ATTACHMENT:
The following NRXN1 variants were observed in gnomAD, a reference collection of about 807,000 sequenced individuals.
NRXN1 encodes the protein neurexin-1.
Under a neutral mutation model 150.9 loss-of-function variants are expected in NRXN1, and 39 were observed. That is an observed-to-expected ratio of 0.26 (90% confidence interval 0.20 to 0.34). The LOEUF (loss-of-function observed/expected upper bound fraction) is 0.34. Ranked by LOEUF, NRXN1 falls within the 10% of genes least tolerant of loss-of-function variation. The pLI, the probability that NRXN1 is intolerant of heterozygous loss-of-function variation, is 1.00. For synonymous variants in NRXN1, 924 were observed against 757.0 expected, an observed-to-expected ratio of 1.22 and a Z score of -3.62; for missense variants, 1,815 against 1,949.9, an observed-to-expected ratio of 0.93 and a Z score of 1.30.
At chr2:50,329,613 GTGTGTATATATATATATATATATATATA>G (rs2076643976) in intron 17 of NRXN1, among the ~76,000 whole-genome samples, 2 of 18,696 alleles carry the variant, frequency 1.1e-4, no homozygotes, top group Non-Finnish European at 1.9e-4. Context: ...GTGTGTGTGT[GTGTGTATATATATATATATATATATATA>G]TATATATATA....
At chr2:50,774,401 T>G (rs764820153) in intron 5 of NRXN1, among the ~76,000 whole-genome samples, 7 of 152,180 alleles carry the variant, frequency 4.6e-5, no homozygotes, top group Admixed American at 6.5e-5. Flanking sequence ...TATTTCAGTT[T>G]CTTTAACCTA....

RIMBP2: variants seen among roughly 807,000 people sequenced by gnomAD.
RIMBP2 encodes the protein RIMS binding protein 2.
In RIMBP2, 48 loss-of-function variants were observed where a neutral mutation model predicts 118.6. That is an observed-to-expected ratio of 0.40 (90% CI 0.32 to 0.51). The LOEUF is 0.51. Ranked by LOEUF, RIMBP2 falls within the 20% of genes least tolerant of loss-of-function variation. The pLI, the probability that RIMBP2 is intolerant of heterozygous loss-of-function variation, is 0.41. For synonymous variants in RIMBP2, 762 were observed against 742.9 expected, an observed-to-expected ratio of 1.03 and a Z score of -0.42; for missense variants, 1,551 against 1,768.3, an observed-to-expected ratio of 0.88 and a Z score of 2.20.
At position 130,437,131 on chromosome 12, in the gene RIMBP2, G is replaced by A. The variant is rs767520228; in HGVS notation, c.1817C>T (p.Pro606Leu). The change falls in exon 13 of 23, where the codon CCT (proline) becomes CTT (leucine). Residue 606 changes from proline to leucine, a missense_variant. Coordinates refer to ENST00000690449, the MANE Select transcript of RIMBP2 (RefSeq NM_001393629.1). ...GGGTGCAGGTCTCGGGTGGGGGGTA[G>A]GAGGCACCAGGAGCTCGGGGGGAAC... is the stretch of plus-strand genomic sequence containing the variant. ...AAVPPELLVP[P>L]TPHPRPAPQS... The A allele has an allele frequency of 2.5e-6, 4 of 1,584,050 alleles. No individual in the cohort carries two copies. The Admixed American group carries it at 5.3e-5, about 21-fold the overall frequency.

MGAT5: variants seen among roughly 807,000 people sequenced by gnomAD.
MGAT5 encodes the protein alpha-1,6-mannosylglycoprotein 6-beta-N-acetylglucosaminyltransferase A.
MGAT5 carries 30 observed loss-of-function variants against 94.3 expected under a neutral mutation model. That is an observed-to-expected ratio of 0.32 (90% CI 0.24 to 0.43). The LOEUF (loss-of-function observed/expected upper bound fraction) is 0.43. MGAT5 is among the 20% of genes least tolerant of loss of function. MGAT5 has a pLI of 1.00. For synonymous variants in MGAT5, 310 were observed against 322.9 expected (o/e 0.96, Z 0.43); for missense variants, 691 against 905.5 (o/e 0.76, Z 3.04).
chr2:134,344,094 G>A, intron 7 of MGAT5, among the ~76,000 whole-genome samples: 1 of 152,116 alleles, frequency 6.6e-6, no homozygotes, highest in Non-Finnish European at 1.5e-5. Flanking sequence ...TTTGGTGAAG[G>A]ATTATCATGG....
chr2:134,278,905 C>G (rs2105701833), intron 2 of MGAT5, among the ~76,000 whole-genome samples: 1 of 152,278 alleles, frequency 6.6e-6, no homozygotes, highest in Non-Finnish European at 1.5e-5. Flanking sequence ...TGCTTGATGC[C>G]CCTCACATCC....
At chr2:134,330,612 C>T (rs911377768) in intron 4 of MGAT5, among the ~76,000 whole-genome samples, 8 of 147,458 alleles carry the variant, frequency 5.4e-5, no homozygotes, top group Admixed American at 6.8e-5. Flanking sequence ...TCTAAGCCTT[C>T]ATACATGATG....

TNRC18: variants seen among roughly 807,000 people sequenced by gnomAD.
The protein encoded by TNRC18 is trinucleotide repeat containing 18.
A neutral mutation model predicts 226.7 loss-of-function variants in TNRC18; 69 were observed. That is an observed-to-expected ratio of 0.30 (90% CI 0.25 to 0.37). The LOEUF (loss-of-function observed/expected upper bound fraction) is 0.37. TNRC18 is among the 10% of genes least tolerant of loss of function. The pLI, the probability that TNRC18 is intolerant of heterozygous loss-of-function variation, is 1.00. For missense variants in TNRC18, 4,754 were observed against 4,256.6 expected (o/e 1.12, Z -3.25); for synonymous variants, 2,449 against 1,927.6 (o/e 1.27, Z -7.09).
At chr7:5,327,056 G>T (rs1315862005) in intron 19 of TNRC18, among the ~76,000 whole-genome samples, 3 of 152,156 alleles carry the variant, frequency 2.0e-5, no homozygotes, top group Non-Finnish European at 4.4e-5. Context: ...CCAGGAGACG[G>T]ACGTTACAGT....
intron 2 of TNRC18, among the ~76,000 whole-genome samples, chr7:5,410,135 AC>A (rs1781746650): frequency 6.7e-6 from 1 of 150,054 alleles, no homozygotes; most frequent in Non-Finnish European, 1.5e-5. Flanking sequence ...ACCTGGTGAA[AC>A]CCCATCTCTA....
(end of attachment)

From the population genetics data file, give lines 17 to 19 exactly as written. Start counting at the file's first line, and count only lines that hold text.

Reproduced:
The protein encoded by TNRC18 is trinucleotide repeat containing 18.
A neutral mutation model predicts 226.7 loss-of-function variants in TNRC18; 69 were observed. That is an observed-to-expected ratio of 0.30 (90% CI 0.25 to 0.37). The LOEUF (loss-of-function observed/expected upper bound fraction) is 0.37. TNRC18 is among the 10% of genes least tolerant of loss of function. The pLI, the probability that TNRC18 is intolerant of heterozygous loss-of-function variation, is 1.00. For missense variants in TNRC18, 4,754 were observed against 4,256.6 expected (o/e 1.12, Z -3.25); for synonymous variants, 2,449 against 1,927.6 (o/e 1.27, Z -7.09).
At chr7:5,327,056 G>T (rs1315862005) in intron 19 of TNRC18, among the ~76,000 whole-genome samples, 3 of 152,156 alleles carry the variant, frequency 2.0e-5, no homozygotes, top group Non-Finnish European at 4.4e-5. Context: ...CCAGGAGACG[G>T]ACGTTACAGT....